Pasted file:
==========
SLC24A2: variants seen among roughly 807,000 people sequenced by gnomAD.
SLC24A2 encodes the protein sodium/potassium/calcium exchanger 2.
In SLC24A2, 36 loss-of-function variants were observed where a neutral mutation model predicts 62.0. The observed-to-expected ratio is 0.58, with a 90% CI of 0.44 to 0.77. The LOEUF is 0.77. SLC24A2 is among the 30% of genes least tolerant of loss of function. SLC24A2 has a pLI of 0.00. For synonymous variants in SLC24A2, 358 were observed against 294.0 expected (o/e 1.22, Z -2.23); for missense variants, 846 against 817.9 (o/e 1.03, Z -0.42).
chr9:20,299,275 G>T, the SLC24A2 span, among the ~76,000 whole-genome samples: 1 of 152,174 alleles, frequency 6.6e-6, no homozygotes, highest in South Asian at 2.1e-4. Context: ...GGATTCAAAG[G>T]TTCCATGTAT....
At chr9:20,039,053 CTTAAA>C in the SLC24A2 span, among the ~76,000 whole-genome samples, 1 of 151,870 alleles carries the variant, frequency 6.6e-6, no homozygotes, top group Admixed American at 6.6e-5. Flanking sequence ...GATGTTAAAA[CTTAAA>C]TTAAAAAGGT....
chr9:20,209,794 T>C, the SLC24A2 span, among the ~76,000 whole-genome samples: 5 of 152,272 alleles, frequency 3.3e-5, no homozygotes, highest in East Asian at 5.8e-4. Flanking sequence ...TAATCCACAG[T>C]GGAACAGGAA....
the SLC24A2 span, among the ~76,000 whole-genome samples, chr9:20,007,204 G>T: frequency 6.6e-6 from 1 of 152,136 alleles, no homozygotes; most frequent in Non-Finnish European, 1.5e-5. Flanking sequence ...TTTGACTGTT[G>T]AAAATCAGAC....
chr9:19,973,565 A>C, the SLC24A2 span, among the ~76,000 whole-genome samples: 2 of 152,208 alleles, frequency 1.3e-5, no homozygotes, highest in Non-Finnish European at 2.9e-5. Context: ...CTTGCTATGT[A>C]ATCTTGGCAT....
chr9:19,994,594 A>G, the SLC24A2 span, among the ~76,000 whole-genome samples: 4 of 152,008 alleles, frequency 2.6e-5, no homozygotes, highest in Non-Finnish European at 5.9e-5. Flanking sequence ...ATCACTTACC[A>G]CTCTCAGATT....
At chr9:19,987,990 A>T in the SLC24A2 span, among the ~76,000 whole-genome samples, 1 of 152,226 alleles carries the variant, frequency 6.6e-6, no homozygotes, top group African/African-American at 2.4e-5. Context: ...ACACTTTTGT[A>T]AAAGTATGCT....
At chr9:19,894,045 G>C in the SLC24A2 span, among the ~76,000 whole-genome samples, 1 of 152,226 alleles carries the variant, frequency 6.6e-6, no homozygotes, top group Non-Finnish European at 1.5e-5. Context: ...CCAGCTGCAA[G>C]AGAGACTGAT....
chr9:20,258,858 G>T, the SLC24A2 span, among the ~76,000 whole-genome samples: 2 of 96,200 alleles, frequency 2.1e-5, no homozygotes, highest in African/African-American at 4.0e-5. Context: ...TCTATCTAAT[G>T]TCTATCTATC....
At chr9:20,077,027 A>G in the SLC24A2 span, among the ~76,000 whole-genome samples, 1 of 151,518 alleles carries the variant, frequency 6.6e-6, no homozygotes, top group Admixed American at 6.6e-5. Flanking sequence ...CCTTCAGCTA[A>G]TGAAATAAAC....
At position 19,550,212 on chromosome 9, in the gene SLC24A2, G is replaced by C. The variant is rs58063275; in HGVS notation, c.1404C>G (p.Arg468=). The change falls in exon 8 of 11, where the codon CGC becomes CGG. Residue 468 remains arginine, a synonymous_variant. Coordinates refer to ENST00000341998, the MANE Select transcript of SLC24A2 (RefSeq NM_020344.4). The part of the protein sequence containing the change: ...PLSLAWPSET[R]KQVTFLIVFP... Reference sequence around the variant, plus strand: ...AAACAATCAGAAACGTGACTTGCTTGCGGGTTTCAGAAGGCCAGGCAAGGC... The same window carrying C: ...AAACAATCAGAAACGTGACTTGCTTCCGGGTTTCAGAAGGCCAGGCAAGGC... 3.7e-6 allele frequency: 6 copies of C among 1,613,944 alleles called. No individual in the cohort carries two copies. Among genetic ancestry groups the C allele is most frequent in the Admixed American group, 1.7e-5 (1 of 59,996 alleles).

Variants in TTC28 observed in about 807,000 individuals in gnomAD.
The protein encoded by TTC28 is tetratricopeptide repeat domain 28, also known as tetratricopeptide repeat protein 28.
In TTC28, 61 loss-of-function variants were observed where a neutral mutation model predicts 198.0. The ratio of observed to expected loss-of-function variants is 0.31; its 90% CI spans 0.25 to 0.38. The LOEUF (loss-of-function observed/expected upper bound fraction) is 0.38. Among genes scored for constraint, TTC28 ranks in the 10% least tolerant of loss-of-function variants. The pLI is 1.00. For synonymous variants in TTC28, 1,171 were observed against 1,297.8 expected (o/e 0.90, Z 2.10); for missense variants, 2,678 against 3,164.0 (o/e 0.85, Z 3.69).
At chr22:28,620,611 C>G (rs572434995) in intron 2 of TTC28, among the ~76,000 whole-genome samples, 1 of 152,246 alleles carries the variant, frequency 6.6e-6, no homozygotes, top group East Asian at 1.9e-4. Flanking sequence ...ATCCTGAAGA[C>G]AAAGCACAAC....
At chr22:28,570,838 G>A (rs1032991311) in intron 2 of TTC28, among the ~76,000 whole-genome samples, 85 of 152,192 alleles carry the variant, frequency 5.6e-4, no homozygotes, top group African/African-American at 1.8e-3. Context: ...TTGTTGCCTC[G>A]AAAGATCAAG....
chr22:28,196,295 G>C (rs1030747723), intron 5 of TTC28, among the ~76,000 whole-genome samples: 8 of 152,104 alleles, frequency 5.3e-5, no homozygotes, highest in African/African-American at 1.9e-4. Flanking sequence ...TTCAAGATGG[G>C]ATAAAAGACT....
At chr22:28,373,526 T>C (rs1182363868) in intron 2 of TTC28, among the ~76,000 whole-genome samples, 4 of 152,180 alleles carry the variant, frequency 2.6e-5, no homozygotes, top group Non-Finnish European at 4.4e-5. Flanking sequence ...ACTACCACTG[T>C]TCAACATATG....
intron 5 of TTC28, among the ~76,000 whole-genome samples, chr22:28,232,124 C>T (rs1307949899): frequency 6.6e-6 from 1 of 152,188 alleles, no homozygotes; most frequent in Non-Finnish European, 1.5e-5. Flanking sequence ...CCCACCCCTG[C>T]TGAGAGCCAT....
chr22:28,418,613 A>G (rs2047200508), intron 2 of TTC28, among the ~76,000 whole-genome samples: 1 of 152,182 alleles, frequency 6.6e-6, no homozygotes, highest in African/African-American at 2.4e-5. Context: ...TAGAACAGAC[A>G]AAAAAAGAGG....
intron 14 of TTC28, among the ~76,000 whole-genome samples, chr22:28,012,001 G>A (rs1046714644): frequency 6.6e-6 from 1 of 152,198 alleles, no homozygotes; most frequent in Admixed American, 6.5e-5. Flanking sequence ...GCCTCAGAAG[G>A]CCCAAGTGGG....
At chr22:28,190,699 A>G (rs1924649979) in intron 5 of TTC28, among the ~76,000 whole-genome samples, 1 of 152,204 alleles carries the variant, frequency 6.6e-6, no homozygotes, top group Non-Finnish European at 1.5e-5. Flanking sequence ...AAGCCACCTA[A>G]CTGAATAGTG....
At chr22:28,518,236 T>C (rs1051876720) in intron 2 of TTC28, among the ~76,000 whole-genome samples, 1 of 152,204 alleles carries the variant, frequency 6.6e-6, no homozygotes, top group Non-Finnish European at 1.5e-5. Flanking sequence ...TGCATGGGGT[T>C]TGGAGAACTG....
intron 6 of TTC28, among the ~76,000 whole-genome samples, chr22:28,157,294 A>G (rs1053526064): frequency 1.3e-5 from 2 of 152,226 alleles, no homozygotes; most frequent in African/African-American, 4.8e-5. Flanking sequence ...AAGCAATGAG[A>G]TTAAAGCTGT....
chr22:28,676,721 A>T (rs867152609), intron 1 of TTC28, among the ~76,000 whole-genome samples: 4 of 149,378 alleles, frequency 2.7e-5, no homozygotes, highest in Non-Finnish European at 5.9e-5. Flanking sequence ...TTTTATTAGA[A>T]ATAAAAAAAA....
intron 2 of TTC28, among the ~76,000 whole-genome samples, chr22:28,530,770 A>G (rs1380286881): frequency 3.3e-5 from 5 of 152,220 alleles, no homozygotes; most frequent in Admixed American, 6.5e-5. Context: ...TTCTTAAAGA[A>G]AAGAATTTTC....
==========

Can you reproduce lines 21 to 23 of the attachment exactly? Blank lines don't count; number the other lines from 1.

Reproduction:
At chr22:28,373,526 T>C (rs1182363868) in intron 2 of TTC28, among the ~76,000 whole-genome samples, 4 of 152,180 alleles carry the variant, frequency 2.6e-5, no homozygotes, top group Non-Finnish European at 4.4e-5. Flanking sequence ...ACTACCACTG[T>C]TCAACATATG....
intron 5 of TTC28, among the ~76,000 whole-genome samples, chr22:28,232,124 C>T (rs1307949899): frequency 6.6e-6 from 1 of 152,188 alleles, no homozygotes; most frequent in Non-Finnish European, 1.5e-5. Flanking sequence ...CCCACCCCTG[C>T]TGAGAGCCAT....
chr22:28,418,613 A>G (rs2047200508), intron 2 of TTC28, among the ~76,000 whole-genome samples: 1 of 152,182 alleles, frequency 6.6e-6, no homozygotes, highest in African/African-American at 2.4e-5. Context: ...TAGAACAGAC[A>G]AAAAAAGAGG....